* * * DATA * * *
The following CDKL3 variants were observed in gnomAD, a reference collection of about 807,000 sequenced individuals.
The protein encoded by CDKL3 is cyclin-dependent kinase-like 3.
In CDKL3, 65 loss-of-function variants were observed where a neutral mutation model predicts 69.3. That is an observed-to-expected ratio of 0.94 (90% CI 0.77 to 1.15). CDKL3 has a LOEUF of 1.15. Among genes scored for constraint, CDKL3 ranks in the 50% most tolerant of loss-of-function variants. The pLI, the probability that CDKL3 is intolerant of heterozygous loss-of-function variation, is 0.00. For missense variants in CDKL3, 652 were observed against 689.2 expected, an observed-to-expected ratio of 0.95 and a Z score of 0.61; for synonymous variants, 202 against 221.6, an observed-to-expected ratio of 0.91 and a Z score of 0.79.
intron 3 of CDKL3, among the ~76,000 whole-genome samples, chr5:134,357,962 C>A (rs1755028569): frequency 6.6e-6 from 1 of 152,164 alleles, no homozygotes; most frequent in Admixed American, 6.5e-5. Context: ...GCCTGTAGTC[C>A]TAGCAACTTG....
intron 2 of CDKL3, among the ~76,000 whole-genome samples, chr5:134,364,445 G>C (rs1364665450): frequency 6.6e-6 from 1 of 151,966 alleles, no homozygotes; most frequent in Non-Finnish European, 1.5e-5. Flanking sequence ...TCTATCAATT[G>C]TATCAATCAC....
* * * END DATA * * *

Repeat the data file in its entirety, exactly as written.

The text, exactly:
The following CDKL3 variants were observed in gnomAD, a reference collection of about 807,000 sequenced individuals.
The protein encoded by CDKL3 is cyclin-dependent kinase-like 3.
In CDKL3, 65 loss-of-function variants were observed where a neutral mutation model predicts 69.3. That is an observed-to-expected ratio of 0.94 (90% CI 0.77 to 1.15). CDKL3 has a LOEUF of 1.15. Among genes scored for constraint, CDKL3 ranks in the 50% most tolerant of loss-of-function variants. The pLI, the probability that CDKL3 is intolerant of heterozygous loss-of-function variation, is 0.00. For missense variants in CDKL3, 652 were observed against 689.2 expected, an observed-to-expected ratio of 0.95 and a Z score of 0.61; for synonymous variants, 202 against 221.6, an observed-to-expected ratio of 0.91 and a Z score of 0.79.
intron 3 of CDKL3, among the ~76,000 whole-genome samples, chr5:134,357,962 C>A (rs1755028569): frequency 6.6e-6 from 1 of 152,164 alleles, no homozygotes; most frequent in Admixed American, 6.5e-5. Context: ...GCCTGTAGTC[C>A]TAGCAACTTG....
intron 2 of CDKL3, among the ~76,000 whole-genome samples, chr5:134,364,445 G>C (rs1364665450): frequency 6.6e-6 from 1 of 151,966 alleles, no homozygotes; most frequent in Non-Finnish European, 1.5e-5. Flanking sequence ...TCTATCAATT[G>C]TATCAATCAC....